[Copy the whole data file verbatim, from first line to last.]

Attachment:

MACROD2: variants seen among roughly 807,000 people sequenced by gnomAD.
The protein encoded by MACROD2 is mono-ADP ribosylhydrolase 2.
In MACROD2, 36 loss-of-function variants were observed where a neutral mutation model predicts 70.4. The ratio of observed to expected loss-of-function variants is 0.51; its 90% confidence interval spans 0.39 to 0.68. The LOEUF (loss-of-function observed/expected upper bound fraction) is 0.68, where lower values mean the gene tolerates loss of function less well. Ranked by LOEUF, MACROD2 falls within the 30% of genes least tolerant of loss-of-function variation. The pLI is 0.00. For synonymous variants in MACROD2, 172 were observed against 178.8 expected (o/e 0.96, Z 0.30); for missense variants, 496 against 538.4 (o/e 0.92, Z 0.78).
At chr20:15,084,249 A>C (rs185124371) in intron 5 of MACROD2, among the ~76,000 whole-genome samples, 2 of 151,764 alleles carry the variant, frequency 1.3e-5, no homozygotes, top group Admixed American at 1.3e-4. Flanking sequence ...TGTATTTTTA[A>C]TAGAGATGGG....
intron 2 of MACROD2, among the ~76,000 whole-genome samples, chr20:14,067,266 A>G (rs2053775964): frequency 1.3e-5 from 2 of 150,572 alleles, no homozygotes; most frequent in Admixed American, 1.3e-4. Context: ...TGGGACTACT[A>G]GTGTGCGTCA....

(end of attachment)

MACROD2: variants seen among roughly 807,000 people sequenced by gnomAD.
The protein encoded by MACROD2 is mono-ADP ribosylhydrolase 2.
In MACROD2, 36 loss-of-function variants were observed where a neutral mutation model predicts 70.4. The ratio of observed to expected loss-of-function variants is 0.51; its 90% confidence interval spans 0.39 to 0.68. The LOEUF (loss-of-function observed/expected upper bound fraction) is 0.68, where lower values mean the gene tolerates loss of function less well. Ranked by LOEUF, MACROD2 falls within the 30% of genes least tolerant of loss-of-function variation. The pLI is 0.00. For synonymous variants in MACROD2, 172 were observed against 178.8 expected (o/e 0.96, Z 0.30); for missense variants, 496 against 538.4 (o/e 0.92, Z 0.78).
At chr20:15,084,249 A>C (rs185124371) in intron 5 of MACROD2, among the ~76,000 whole-genome samples, 2 of 151,764 alleles carry the variant, frequency 1.3e-5, no homozygotes, top group Admixed American at 1.3e-4. Flanking sequence ...TGTATTTTTA[A>C]TAGAGATGGG....
intron 2 of MACROD2, among the ~76,000 whole-genome samples, chr20:14,067,266 A>G (rs2053775964): frequency 1.3e-5 from 2 of 150,572 alleles, no homozygotes; most frequent in Admixed American, 1.3e-4. Context: ...TGGGACTACT[A>G]GTGTGCGTCA....